Not all prison conditions trigger Eighth Amendment scrutiny -- only deprivations of basic human needs like food, medical care, sanitation, and physical safety. Rhodes, 452 U.S. at 346; see also James v. Milwaukee Cnty., 956 F.2d 696, 699 (7th Cir. 1992). In order to prevail on a conditions of confinement claim, a plaintiff must allege facts that, if true, would satisfy the objective and subjective components applicable to all Eighth Amendment claims. McNeil v. Lane, 16 F.3d 123, 124 (7th Cir. 1994); see also Wilson v. Seiter, 501 U.S. 294, 302 (1991). The objective component focuses on the nature of the acts or practices alleged to constitute cruel and unusual punishment. Jackson v. Duckworth, 955 F.2d 21, 22 (7th Cir. 1992). The objective analysis examines whether the conditions of confinement exceeded contemporary bounds of decency of a mature civilized society. Id. The condition must result in unquestioned and serious deprivations of basic human needs or deprive inmates of the minimal civilized measure of life's necessities. Rhodes v. Chapman, 452 U.S. 337, 347 (1981); accord Jamison-Bey v. Thieret, 867 F.2d 1046, 1048 (7th Cir. 1989); Meriwether v. Faulkner, 821 F.2d 408, 416 (7th Cir. 1987).
In addition to showing objectively serious conditions, a plaintiff must also demonstrate the subjective component of an Eighth Amendment claim. The subjective component of unconstitutional punishment is the intent with which the acts or practices constituting the alleged punishment are inflicted. Jackson, 955 F.2d at 22. This requires that a prison official had a sufficiently culpable state of mind. Wilson, 501 U.S. at 298; see also McNeil v. Lane, 16 F.3d 123, 124 (7th Cir. 1994). In conditions of confinement cases, the relevant state of mind is deliberate indifference to inmate health or safety; the official must be aware of facts from which the inference could be drawn that a substantial risk of serious harm exists, and he also must draw the inference. See, e.g., Farmer v. Brennan, 511 U.S. 825, 837; Wilson, 501 U.S. at 303; Estelle v. Gamble, 429 U.S. 97, 104 (1976); DelRaine v. Williford, 32 F.3d 1024, 1032 (7th Cir. 1994). The deliberate indifference standard is satisfied if the plaintiff shows that the prison official acted or failed to act despite the official's knowledge of a substantial risk of serious harm. Farmer, 511 U.S. at 842. A failure of prison officials to act in such circumstances suggests that the officials actually want the prisoner to suffer the harm. Jackson v. Duckworth, 955 F.2d 21, 22 (7th Cir. 1992). It is well-settled that mere negligence is not enough. See, e.g., Davidson v. Cannon, 474 U.S. 344, 347-48 (1986).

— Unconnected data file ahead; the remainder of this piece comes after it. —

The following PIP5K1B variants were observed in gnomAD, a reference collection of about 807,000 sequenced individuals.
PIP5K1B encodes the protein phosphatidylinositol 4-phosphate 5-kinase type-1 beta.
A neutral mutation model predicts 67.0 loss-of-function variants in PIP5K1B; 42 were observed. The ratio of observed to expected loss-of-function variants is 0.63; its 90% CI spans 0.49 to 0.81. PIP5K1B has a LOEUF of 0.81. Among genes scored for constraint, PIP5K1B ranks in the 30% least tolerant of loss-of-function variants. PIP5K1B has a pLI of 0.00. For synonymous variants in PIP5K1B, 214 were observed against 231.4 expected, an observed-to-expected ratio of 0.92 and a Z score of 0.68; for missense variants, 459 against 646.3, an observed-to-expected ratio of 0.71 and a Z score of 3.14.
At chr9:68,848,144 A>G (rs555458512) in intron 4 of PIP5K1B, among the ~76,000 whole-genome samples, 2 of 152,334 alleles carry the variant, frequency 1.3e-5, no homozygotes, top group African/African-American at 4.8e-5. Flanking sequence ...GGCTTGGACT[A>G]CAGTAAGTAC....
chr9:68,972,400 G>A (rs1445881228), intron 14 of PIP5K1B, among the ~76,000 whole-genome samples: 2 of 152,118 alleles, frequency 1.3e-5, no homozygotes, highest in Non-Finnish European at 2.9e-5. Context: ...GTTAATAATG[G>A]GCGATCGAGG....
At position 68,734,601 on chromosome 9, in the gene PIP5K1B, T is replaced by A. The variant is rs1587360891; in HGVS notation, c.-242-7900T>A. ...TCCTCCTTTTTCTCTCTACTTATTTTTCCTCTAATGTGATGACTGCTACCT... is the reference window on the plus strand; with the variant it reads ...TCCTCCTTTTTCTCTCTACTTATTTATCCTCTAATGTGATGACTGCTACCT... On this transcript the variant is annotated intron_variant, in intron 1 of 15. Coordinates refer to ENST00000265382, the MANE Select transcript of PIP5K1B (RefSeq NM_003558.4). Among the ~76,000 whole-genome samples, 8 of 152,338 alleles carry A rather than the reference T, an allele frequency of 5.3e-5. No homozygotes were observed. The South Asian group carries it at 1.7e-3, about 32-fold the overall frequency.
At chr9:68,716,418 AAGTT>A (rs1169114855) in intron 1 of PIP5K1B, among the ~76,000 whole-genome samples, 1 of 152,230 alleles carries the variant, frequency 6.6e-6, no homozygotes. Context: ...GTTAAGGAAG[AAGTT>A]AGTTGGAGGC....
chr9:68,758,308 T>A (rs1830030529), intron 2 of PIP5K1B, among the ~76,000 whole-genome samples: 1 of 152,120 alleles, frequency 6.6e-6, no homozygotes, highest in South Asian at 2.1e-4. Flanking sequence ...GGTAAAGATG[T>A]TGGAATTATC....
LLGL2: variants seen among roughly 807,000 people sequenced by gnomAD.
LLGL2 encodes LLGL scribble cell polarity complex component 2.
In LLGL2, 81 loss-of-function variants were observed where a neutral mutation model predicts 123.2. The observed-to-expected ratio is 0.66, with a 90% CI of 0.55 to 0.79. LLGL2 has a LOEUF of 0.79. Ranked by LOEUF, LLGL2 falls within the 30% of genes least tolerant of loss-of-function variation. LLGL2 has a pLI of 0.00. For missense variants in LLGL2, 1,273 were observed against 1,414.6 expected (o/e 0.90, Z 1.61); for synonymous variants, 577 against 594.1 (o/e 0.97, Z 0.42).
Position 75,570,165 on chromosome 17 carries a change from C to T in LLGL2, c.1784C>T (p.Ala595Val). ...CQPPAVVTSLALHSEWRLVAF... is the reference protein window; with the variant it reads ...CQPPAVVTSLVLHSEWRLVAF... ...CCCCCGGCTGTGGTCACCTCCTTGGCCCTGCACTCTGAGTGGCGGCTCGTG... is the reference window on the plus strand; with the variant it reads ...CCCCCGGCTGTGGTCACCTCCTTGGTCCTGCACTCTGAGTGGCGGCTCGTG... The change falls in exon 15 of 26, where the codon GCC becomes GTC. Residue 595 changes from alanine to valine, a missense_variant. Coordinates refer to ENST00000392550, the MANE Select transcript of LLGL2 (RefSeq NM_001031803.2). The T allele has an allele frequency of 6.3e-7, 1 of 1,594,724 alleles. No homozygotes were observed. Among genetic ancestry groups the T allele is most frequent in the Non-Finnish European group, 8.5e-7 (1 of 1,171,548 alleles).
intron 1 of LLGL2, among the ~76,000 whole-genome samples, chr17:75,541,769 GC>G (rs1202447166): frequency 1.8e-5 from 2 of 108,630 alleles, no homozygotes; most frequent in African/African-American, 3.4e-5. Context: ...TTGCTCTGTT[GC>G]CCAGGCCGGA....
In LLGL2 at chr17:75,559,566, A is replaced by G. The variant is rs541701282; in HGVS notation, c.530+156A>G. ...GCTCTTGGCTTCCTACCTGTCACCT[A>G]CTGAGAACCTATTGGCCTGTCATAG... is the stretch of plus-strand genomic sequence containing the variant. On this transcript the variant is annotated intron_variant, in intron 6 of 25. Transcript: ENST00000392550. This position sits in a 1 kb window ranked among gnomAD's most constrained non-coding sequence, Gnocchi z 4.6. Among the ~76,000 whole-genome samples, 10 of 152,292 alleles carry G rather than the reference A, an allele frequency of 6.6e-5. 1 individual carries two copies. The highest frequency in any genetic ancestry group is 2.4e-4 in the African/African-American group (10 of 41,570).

A. Unsanitary Conditions, Extreme Temperatures, and Lack of Ventilation